I wrapped up my position as a hotel General Manager a few weeks ago, allowing myself a bit of precious time to decompress before leaving on my sabbatical to Europe.  It is usually in my nature to push through, right until the end of every situation, with very little time left in-between for transitions.  If I am going away, I tend to put in long hours right up until the evening before I leave, to “make the most” of the valuable vacation days I have to use.  When a position brought me back to Halifax from Victoria, I worked until the day before I left on my marathon 7 day drive across the country, getting to the east coast just in time to complete the closing on my home and begin work the following day.  I kid you not, I literally pulled into my new driveway at 4:59pm for the meeting with my Realtor at 5pm.  Shit, a minute to spare in the timing of my drive across the country, how did that happen?  I have decided that this time things will be different.

This whole sabbatical is about trying to find balance, so I want to start this new chapter by doing things differently.  What if I am kinder to myself this time, perhaps by not setting the stage for nerve tingling anxiety by trying to cram a million people and things into the last few precious days before I leave?  How would it feel to allow myself the time and space to actually enjoy the process of this huge life change?  Allow the pleasure of anticipation for this adventure to wash over me, undistracted by hundreds of work emails, voicemails, texts and the never ending in-tray of that life.  What if I unplug completely a few weeks before I leave for Europe…go off the grid?  Give myself permission to politely say “No” to the things that I don’t want to do anymore, radical!

As a person who has made his living by pleasing others and creating positive experiences for guests, clients and colleagues, it is not in my DNA to disappoint, or say “No”.  This coupled with the fact that over the past 20 years or so, I have rarely ever completely turned off my work life, had me a wee bit concerned about how I would react and adjust to suddenly being disconnected from the 24/7 world of hotel management.  I wasn’t sure how long it would take me to find my footing, adrift in a world without the tethers of commitments both work and social.  Would I feel remorse for taking this huge leap, when suddenly I had no one to be responsible for or to?  After 2 weeks off the grid, I am pleased to tell you that it feels like the most natural, wonderful thing in the world.  My body and mind fell into rhythm with eternal time immediately.  The decompression was instant, and there was no moment of hesitation or looking back.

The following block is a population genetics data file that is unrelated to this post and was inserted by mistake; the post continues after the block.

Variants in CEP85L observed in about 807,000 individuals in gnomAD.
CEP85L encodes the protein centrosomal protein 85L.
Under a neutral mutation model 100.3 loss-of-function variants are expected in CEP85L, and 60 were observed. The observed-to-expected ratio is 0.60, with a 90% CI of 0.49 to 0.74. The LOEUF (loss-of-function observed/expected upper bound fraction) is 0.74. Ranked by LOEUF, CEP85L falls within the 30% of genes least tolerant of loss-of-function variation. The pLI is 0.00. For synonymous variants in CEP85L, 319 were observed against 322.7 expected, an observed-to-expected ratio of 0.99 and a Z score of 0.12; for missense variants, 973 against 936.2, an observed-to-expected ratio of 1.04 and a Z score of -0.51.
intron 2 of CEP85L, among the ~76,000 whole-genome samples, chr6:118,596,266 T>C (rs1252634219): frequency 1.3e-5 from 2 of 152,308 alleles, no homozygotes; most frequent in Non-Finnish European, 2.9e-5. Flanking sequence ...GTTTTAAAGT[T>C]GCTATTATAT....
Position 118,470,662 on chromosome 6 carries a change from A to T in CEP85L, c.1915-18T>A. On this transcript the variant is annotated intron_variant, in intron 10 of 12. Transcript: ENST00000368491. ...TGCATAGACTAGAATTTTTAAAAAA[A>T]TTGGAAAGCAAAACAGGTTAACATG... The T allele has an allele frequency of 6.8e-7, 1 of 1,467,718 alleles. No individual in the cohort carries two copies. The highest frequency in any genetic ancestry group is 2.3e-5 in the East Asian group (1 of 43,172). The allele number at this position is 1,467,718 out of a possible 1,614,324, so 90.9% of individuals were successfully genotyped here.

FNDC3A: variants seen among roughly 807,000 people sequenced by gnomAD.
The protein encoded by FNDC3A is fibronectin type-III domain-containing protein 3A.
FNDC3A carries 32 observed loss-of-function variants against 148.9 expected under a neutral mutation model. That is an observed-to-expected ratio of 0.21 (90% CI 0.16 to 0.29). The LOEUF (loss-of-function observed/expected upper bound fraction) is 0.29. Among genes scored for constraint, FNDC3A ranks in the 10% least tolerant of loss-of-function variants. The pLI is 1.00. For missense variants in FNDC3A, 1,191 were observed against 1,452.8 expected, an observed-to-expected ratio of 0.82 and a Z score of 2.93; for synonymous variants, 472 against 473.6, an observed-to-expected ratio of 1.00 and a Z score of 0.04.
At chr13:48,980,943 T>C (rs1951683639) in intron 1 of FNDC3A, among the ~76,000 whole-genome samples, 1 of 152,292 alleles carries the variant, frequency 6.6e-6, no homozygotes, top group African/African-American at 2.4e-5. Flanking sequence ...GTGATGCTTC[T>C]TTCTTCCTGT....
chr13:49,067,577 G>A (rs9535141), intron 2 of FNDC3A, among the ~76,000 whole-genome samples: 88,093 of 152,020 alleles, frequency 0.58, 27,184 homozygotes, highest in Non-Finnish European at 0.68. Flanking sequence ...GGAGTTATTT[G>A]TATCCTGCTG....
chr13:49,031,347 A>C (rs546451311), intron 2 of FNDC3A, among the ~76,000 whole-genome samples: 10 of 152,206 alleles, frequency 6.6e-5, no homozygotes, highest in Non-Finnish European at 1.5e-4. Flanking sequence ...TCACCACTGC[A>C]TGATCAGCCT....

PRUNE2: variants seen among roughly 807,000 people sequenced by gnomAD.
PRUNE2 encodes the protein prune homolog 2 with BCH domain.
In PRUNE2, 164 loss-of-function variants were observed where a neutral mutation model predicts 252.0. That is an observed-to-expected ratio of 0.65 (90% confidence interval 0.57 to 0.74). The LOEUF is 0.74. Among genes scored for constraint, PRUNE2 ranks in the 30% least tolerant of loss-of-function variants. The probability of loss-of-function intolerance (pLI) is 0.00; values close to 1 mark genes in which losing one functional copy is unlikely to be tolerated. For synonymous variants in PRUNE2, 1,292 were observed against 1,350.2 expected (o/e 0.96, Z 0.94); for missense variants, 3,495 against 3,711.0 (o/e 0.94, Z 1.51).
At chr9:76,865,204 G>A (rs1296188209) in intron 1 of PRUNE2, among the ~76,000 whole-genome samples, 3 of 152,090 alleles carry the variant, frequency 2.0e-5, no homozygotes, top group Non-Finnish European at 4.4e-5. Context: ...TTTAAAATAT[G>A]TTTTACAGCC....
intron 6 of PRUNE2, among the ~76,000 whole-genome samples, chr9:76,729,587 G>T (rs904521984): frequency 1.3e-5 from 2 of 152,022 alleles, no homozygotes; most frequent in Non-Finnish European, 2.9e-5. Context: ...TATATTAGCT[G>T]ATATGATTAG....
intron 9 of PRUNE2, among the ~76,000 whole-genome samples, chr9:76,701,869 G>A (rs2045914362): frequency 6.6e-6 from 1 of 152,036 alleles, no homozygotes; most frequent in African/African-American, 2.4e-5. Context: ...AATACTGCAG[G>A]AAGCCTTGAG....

For the first time in a very long time, there are no distractions.  It makes me realize how much of the subtle beauty and joy in life we miss, because the white noise of being “busy” drowns out our own thoughts, intuitions and dreams.  When we allow ourselves to truly unplug from that white noise, even for a few hours, our ability to pickup on the signs and signals that the world leaves for us heightens exponentially.  A breadcrumb trail for the heart.

When I leave for France this week, I will move deeper off the grid.  I will of course be keeping in touch with my friends and family, and continue to blog about my journey here, but the familiar day to day interactions that create a sense of place and home will also be removed.  During this time, I want to stay committed to being open to hearing the call of my own heart, and that of the world.  What will they reveal to me now that they have my full attention, at long last?

 

 

3 Comment on “Going Off The Grid

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